When we are born, each of us is entirely reliant on others and therefore we can say that childhood is then an apprenticeship that gradually prepares us for adulthood. From infancy, children understandably reach out to the world; beginning with their mother and father. As that bond is cemented, children seek more triumphs and competence.
As a parent and educator, I know that living in the 21st Century, boast a demanding and dynamic lifestyle; at home and in the classroom, therefore it is important to instil a sense of ownership and pride within our children from a young age. By assigning responsibilities (chores), we are teaching them to build their self-esteem, teaching self-help skills and encouraging their independence so that they too will one day be able to cope with the demands of society.
By asking our toddler to help with tasks not only ”lifts the load” as a parent or a teacher, but the child will learn empathy by sharing responsibilities and become more self-confident when they accomplish their assigned task, particularly with little or no guidance. Chores are great tools to establish routine, which may reduce opportunities for confusion or disagreements amongst siblings or other toddlers if in a classroom environment.
Remember, each child develops at his own pace, so some children may be ready for chores that have been assigned, while others will only be able to perform tasks with support. Start with one or two chores; it is important to only start with a few tasks at a time. You definitely don’t want to overwhelm your toddler or make them feel pressured. The main aim in giving your toddler chores is for them to feel capable, not overwhelmed.
As children approach chores, it’s guaranteed they’ll do things differently, messier than you! But as children gain finesse through trial and error, they’ll achieve mastery and build pride. Don’t expect perfection or correct the work that the child has done. There is plenty of time for that later when the child is more competent at the task and has more confidence. What you want to focus on now is rewarding the child’s effort and your patience and gentle guidance will mean a lot.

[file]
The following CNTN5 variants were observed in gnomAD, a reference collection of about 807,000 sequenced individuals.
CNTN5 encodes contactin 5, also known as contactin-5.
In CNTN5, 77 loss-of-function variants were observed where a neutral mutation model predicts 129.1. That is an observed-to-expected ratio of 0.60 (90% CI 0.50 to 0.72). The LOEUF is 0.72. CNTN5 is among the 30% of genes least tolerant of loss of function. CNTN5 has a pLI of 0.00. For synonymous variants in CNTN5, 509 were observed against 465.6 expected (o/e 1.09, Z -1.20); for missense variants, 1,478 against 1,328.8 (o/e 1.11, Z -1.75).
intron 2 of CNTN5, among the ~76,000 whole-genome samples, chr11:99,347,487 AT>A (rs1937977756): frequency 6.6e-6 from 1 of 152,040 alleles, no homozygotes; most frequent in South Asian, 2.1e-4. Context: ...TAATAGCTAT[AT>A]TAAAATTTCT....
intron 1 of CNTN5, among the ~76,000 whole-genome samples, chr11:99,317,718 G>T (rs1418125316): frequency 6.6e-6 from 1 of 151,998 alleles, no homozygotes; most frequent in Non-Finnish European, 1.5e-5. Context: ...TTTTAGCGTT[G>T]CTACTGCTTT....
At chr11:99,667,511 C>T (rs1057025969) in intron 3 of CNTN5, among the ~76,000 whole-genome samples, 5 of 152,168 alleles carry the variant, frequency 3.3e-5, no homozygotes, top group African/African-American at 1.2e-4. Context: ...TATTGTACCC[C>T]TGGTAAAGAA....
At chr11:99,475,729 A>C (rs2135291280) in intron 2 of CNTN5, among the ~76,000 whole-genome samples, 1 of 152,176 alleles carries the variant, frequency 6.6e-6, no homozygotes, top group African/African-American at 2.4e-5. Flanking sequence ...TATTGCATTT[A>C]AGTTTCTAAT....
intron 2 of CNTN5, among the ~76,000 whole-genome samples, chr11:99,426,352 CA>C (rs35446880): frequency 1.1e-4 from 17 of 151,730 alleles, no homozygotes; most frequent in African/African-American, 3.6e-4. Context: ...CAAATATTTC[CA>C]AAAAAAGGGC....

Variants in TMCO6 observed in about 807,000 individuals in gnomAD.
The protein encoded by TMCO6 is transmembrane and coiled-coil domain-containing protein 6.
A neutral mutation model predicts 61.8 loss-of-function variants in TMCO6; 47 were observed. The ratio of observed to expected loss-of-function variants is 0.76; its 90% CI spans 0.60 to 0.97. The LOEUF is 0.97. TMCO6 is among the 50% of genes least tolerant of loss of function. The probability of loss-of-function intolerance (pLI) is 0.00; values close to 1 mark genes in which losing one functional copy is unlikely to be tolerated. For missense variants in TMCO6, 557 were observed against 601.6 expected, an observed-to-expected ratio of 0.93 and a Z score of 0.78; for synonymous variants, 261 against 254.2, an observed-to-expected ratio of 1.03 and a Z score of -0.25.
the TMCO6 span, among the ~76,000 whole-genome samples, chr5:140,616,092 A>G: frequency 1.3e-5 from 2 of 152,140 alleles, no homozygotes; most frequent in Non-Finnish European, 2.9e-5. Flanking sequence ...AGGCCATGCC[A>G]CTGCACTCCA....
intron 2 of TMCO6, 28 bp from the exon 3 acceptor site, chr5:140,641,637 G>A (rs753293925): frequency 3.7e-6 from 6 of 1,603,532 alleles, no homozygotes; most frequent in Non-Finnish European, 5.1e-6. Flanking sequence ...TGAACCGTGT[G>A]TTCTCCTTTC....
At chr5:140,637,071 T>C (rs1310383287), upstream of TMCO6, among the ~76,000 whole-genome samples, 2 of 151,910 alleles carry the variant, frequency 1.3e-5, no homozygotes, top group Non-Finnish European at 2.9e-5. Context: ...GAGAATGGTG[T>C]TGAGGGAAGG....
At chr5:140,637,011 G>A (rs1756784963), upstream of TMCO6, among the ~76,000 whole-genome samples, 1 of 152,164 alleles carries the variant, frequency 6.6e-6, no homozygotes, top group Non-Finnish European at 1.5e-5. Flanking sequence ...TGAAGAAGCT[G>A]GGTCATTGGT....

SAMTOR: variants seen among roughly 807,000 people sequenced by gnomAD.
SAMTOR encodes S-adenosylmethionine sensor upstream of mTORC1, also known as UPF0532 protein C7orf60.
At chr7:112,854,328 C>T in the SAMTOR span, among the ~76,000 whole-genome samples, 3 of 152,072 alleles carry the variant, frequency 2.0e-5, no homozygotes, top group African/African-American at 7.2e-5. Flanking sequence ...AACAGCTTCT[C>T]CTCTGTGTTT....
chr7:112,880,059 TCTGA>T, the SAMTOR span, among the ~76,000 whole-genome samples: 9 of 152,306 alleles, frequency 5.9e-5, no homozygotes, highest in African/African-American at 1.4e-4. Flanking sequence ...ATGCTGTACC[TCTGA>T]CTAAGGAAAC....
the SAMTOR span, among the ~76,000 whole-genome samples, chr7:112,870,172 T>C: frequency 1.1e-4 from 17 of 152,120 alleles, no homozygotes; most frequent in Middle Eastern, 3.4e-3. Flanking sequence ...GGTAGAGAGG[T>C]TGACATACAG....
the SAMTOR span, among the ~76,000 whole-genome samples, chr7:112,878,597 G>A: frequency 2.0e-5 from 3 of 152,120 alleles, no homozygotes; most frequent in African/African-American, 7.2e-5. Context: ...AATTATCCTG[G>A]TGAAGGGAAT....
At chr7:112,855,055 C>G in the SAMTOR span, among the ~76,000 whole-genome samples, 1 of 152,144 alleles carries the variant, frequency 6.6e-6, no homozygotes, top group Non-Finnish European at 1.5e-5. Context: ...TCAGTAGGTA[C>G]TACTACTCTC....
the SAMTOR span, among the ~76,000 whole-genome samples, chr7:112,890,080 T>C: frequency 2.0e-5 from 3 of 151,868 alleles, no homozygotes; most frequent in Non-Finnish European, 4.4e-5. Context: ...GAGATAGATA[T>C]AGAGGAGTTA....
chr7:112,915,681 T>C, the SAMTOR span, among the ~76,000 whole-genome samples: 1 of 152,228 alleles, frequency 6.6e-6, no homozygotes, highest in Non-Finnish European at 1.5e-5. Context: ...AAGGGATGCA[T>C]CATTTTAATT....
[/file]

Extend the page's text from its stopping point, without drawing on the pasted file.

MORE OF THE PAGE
Addition to simple chores, toddlers should also include attending to their own cleanliness, grooming, clothing and toys.
The below mentioned chores are sure to assist you in fostering an independent and confident toddler.
- Pick up toys and books and put them in their suitable place (you must first assign clear places for your child’s belongings)
- Put dirty clothes in the laundry basket – this can be done after bath, in the morning, and before bed-time.
- Wipe the table after meals- not only is this an easy task, but they will love doing it!
- Dusting and wiping- make it fun! Purchase a bath hand puppet to use when dusting or wiping to “collect all the dust bunnies.”
- Unload the groceries- after a grocery trip let your toddler hand you items out of the grocery bags while you pack it away.
- Help set the table- just be sure to only give your toddler safe, unbreakable objects.
- Let them help you make the bed- do this chore together and squeeze in a little bonding while you work.
- Clean up spills and messes with paper towel, sponge or a child-sized broom.
- Water plants- for this chore, provide measuring cups and a bucket of water and then let your toddler delight in pouring it into the pot and feeding the plant.
- Sweeping- Use a toddler size broom and dust pan. While this is one chore that generally creates more work for you, they love helping and sweeping the dirt back and forth.
- Pushing buttons- If there are buttons that need pushing let your toddler do it – elevators, dishwasher, microwave, washer, dryer, even the coffee maker. Toddlers LOVE buttons! This chore that isn’t quite a chore is still teaching little ones to follow directions. It also teaches them that they are capable, they can do it, and when possible, you will let them.
- Help in the kitchen- there are so many ways toddlers can help in the kitchen from stirring to pouring to washing fruit.
Chores given to toddlers will enable your toddler to contribute to the family, care for themselves and their personal belongings. It is a standard plan in an apprenticeship for adulthood!
Written By: Elizabeth Steenkamp (Principal of Junior Colleges Castillian)